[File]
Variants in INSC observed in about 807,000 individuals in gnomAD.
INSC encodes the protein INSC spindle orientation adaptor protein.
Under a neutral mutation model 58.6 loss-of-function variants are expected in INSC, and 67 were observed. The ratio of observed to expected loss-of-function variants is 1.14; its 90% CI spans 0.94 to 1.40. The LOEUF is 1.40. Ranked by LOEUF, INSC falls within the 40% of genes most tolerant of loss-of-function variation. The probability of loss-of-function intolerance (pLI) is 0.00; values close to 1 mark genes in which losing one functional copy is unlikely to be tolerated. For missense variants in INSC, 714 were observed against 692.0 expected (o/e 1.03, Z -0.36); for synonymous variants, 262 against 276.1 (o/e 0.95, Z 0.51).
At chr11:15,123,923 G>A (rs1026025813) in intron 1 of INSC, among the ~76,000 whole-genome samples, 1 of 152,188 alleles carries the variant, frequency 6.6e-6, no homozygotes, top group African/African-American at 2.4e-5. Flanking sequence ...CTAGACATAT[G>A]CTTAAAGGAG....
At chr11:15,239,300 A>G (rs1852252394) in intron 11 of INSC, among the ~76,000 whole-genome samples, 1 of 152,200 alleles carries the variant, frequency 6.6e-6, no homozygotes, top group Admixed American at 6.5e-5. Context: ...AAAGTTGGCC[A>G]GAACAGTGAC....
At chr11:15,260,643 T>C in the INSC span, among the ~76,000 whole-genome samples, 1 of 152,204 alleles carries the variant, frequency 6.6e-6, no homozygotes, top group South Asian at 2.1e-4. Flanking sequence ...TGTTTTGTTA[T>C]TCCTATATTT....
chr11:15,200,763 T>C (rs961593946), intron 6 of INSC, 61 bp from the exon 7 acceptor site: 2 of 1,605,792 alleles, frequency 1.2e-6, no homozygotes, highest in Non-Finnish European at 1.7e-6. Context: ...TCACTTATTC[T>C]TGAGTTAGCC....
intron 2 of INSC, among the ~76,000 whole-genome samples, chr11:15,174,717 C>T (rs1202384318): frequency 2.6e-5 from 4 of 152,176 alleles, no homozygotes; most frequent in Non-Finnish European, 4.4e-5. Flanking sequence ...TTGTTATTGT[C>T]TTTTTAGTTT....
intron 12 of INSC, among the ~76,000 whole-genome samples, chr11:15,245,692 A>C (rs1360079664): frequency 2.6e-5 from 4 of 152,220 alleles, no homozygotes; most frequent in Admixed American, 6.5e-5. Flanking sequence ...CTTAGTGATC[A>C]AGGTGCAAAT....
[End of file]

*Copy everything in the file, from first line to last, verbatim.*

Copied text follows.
Variants in INSC observed in about 807,000 individuals in gnomAD.
INSC encodes the protein INSC spindle orientation adaptor protein.
Under a neutral mutation model 58.6 loss-of-function variants are expected in INSC, and 67 were observed. The ratio of observed to expected loss-of-function variants is 1.14; its 90% CI spans 0.94 to 1.40. The LOEUF is 1.40. Ranked by LOEUF, INSC falls within the 40% of genes most tolerant of loss-of-function variation. The probability of loss-of-function intolerance (pLI) is 0.00; values close to 1 mark genes in which losing one functional copy is unlikely to be tolerated. For missense variants in INSC, 714 were observed against 692.0 expected (o/e 1.03, Z -0.36); for synonymous variants, 262 against 276.1 (o/e 0.95, Z 0.51).
At chr11:15,123,923 G>A (rs1026025813) in intron 1 of INSC, among the ~76,000 whole-genome samples, 1 of 152,188 alleles carries the variant, frequency 6.6e-6, no homozygotes, top group African/African-American at 2.4e-5. Flanking sequence ...CTAGACATAT[G>A]CTTAAAGGAG....
At chr11:15,239,300 A>G (rs1852252394) in intron 11 of INSC, among the ~76,000 whole-genome samples, 1 of 152,200 alleles carries the variant, frequency 6.6e-6, no homozygotes, top group Admixed American at 6.5e-5. Context: ...AAAGTTGGCC[A>G]GAACAGTGAC....
At chr11:15,260,643 T>C in the INSC span, among the ~76,000 whole-genome samples, 1 of 152,204 alleles carries the variant, frequency 6.6e-6, no homozygotes, top group South Asian at 2.1e-4. Flanking sequence ...TGTTTTGTTA[T>C]TCCTATATTT....
chr11:15,200,763 T>C (rs961593946), intron 6 of INSC, 61 bp from the exon 7 acceptor site: 2 of 1,605,792 alleles, frequency 1.2e-6, no homozygotes, highest in Non-Finnish European at 1.7e-6. Context: ...TCACTTATTC[T>C]TGAGTTAGCC....
intron 2 of INSC, among the ~76,000 whole-genome samples, chr11:15,174,717 C>T (rs1202384318): frequency 2.6e-5 from 4 of 152,176 alleles, no homozygotes; most frequent in Non-Finnish European, 4.4e-5. Flanking sequence ...TTGTTATTGT[C>T]TTTTTAGTTT....
intron 12 of INSC, among the ~76,000 whole-genome samples, chr11:15,245,692 A>C (rs1360079664): frequency 2.6e-5 from 4 of 152,220 alleles, no homozygotes; most frequent in Admixed American, 6.5e-5. Flanking sequence ...CTTAGTGATC[A>C]AGGTGCAAAT....